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The Court’s Approach to an Application for a Property Settlement after the Limitation Period has Expired

Parties can apply to the Family Court or Federal Circuit Court (collectively referred to as ‘the Court’) for a property settlement within 12 months of their divorce becoming final.

In proceedings between parties to a de facto relationship, either party can apply for a property settlement within 2 years of separation.

Parties who seek a property settlement after the limitation period has expired, require leave from the Court to apply out of time. This leave is discretionary and is treated as the exception to the rule.

The Court applies the following test when deciding whether to grant a party leave to apply for a property settlement out of time:

  • Does the Applicant have a reasonable prima facie case for relief had proceedings been instituted in time – in all of the circumstances, taking the Applicant’s case at its highest and having regard to the likely considerable legal expense of further litigation, would it have been just and equitable to make an order for an adjustment of the parties’ legal proprietary interests;
  • Would the denial of the claim for leave cause the Applicant or a child of the relationship, hardship – hardship is more than the loss of the right to apply to the court for a property settlement. In the matter of Whitford the Court said, when discussing the meaning of hardship: “The requirement, that the Court must be satisfied that hardship would be caused if leave were not granted, implies that it must be made to appear to the Court that the applicant would probably succeed, if the substantive application were heard on the merits. If there is no real probability of success, then the Court cannot be satisfied that hardship would be caused if leave were not granted … If the probable result of the hearing on the merits is that the hardship is not likely to be alleviated, then the Court cannot be satisfied that the applicant or a child would suffer hardship if leave were not granted.”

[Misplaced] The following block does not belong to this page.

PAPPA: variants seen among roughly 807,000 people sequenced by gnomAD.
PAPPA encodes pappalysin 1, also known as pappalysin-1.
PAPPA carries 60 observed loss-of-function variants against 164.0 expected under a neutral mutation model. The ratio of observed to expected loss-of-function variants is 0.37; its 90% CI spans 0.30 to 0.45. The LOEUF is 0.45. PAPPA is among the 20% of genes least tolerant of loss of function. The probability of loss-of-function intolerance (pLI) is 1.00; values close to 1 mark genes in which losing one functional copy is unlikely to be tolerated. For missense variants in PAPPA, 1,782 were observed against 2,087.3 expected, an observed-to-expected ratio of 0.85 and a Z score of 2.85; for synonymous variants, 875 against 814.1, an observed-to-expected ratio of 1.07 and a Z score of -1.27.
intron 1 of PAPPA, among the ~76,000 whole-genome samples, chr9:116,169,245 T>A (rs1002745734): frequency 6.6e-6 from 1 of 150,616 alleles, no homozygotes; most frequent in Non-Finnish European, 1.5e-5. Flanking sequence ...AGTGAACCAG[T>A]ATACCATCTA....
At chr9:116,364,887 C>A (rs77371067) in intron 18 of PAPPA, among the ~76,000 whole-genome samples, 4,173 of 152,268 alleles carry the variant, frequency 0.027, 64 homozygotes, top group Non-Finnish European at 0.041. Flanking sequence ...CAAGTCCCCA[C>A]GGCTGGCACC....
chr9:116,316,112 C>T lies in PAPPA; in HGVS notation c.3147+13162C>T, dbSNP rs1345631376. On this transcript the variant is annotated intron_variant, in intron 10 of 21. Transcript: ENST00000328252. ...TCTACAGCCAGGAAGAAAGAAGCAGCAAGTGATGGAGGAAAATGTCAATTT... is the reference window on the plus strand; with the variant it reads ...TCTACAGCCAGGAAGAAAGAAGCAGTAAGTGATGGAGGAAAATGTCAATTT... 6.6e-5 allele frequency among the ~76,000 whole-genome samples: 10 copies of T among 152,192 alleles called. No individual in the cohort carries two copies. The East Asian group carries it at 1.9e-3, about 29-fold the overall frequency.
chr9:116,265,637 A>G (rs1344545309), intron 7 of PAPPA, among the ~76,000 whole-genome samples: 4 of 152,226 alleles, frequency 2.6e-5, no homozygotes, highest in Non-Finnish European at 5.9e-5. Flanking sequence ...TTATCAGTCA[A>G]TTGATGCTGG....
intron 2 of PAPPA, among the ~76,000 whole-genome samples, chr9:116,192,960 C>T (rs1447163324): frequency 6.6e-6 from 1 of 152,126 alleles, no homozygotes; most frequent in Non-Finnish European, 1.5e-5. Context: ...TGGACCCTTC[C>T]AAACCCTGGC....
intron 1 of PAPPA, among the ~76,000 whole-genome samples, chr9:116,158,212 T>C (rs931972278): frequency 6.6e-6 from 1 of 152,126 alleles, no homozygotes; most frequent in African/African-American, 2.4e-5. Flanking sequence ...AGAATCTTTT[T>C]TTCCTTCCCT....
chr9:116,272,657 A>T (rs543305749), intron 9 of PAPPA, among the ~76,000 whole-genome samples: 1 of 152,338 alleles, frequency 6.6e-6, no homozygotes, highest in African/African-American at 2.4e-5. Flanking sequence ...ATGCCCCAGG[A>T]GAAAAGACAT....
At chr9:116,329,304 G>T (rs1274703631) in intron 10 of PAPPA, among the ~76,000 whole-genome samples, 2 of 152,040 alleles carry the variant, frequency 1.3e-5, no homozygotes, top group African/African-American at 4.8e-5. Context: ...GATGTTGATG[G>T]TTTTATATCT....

• Does the Applicant have an adequate explanation for the delay – has the Applicant been diligent in making the application for a property settlement? Whilst an adequate explanation for the delay is considered by the court, a lack of an adequate explanation is not a barrier to the Court granting an extension of time if the first two factors are made out. However, it is taken into account by the Court when considering the matter overall in determining whether or not to grant leave. The Court will also consider the degree of prejudice to the Respondent is leave was to be granted. Prejudice is not limited to the Respondent progressing their finances following the conclusion of the limitation period, but may include the unavailability of evidence and witnesses, and the decline in the Respondent’s memory given the passage of time which may impair the Respondent’s ability to respond to the primary application for a property settlement.

If the Court is satisfied that the Applicant has a prima facie case and to refuse them leave would cause hardship, and that hardship is not outweighed by the hardship of the respondent, then the Court may grant leave.

Image Credit – Iakov Filimonov ©

Written by Karen Devey on October 24, 2018

Karen has a particular interest in dealing with complex parenting matters that involve mental health or addiction issues, relocation of children and child support agreements. She routinely deals with self-employed clients or matters involving family businesses. View Karen's profile

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